The First Circle by Alexsandr I. Solzhenitsyn

$ 14.00

The First Circle by Alexsandr I. Solzhenitsyn is a 580-page hardcover published by Harper & Row, 1968.  The dust jacket is encased in a protective clear plastic cover but shows wear.  Inside, there are some light stains to the outside page edges but inside, the pages are clean and unmarked and the binding is tight.

Book Summary

The first circle of Dante's Hell--where the souls of the pre-Christian philosophers are doomed to exist throughout eternity--stands in this novel as a metaphor for certain penal institutions of Stalin's Russia.  These were scientific research centers, operating from within special prisons and staffed by political prisoners--physicists, mathematicians, electrical engineers, technicians.  They were luxurious in comparison with other prisons and the hard-labor camps of the far north--from which many of their inmates were drawn, to which many would return:  the prisoners were fed enough to ensure their effectiveness; they slept between sheets.  But their prison terms were long, their contacts with the world of freedom minimal, and an administrator's whim was enough to ship them to the lower circles of Hell.

Much of the action of The First Circle takes place in one such research center on the outskirts of Moscow, during the four days from December 24 through 27, 1949.  It ranges from there to the apartments and streets of a university the offices of awesome men with absolute power over the lives of others, who are themselves the terror-ridden chattels of one man.  It enters even his small, fortified, windowless workroom.  There, the 70-year-old Stalin plans a new purge, a new assassination, greater monuments to himself...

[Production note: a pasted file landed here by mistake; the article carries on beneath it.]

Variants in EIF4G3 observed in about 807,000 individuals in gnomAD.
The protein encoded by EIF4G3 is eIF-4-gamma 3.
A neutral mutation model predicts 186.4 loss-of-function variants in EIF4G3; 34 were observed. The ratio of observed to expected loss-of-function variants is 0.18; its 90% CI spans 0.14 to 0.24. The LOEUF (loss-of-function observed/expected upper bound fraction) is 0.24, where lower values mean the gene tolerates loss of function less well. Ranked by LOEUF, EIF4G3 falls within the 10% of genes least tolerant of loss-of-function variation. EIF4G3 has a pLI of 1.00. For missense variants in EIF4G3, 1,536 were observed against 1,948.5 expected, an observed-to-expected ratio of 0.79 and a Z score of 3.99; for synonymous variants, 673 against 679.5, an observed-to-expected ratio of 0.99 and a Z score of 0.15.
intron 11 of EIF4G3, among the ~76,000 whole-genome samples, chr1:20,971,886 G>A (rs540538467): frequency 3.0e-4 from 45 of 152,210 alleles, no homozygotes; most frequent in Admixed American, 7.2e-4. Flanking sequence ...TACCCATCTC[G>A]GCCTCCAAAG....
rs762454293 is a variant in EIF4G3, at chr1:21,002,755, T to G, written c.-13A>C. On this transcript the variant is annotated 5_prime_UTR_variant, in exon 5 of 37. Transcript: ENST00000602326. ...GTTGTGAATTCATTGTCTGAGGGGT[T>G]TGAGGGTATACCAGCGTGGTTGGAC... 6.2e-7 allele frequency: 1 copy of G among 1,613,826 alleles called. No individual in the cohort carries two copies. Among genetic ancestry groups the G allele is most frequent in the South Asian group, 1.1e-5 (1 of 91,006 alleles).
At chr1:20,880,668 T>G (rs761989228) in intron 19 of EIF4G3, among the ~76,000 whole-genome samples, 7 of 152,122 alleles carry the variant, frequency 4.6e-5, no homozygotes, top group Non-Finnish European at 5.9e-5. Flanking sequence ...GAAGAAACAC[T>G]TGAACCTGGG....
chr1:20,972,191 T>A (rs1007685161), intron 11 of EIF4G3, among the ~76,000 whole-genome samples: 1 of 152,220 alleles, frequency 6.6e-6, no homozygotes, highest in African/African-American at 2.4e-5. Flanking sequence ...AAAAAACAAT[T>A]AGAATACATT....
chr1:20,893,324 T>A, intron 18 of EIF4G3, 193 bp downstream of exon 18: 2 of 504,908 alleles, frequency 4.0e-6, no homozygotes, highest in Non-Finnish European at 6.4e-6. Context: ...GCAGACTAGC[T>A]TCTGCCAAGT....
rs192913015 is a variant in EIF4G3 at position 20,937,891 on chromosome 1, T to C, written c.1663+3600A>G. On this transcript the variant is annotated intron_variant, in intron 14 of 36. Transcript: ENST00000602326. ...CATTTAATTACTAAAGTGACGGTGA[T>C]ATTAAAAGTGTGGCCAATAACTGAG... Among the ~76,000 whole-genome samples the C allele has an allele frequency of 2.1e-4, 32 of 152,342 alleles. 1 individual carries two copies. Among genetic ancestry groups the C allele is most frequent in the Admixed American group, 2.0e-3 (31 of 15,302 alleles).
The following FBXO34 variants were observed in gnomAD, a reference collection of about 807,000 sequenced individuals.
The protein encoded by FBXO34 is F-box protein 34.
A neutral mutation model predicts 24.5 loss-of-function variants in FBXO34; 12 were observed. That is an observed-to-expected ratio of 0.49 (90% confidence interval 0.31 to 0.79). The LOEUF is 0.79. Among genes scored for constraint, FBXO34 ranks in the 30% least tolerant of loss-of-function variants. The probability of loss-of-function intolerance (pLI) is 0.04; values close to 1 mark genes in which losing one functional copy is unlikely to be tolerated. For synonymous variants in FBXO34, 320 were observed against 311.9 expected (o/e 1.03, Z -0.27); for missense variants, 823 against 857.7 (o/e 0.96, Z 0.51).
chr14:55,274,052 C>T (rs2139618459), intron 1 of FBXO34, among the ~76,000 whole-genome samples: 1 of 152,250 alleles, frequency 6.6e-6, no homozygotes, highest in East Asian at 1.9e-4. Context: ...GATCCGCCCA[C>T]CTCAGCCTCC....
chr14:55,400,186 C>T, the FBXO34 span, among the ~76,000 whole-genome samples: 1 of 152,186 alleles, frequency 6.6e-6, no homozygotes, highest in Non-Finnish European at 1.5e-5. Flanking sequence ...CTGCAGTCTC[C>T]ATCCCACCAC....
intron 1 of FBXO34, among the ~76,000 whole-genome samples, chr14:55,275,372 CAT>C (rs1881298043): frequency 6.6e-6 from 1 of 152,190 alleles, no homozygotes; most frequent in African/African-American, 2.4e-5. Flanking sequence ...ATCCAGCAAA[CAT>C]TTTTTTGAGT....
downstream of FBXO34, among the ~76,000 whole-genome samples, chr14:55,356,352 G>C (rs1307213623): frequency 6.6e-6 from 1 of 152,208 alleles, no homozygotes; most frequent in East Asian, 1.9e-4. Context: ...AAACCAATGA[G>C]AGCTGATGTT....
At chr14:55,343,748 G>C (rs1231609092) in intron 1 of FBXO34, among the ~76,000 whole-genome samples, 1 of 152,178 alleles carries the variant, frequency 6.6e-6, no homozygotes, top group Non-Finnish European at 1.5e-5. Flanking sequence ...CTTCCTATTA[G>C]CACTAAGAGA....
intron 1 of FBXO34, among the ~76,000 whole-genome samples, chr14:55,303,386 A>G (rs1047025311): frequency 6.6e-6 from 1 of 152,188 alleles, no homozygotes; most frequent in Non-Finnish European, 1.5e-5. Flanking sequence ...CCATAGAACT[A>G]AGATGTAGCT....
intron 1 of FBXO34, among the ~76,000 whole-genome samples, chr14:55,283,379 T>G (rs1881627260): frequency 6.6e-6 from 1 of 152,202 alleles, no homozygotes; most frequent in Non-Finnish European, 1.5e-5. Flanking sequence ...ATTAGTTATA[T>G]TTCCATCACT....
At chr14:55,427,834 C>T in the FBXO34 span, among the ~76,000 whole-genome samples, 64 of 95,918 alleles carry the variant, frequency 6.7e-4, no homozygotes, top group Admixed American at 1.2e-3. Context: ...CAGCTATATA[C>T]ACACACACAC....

The hero of The First Circle is the prisoner Nerzhin, a brilliant mathematician.  At the age of 31, Nerzhin has, like the author, survived the war years on the German front and the postwar years in a succession of Russian prisons and labor camps.  His story is interwoven with the stories of a dozen fellow prisoners--each an unforgettable human being--from the prison janitor to the nearsighted genius who designed the Dnieper dam; the reigning intellectuals and their friends in high places; and the women, wretched or privileged, bound to these men.  As we follow Nerzhin's fortunes we become familiar with the inner paths of an entire society--one vast Inferno--and the diverse ways by which different men and women managed--or failed--to live within it.

Library of Congress Catalog Card Number:  68-54547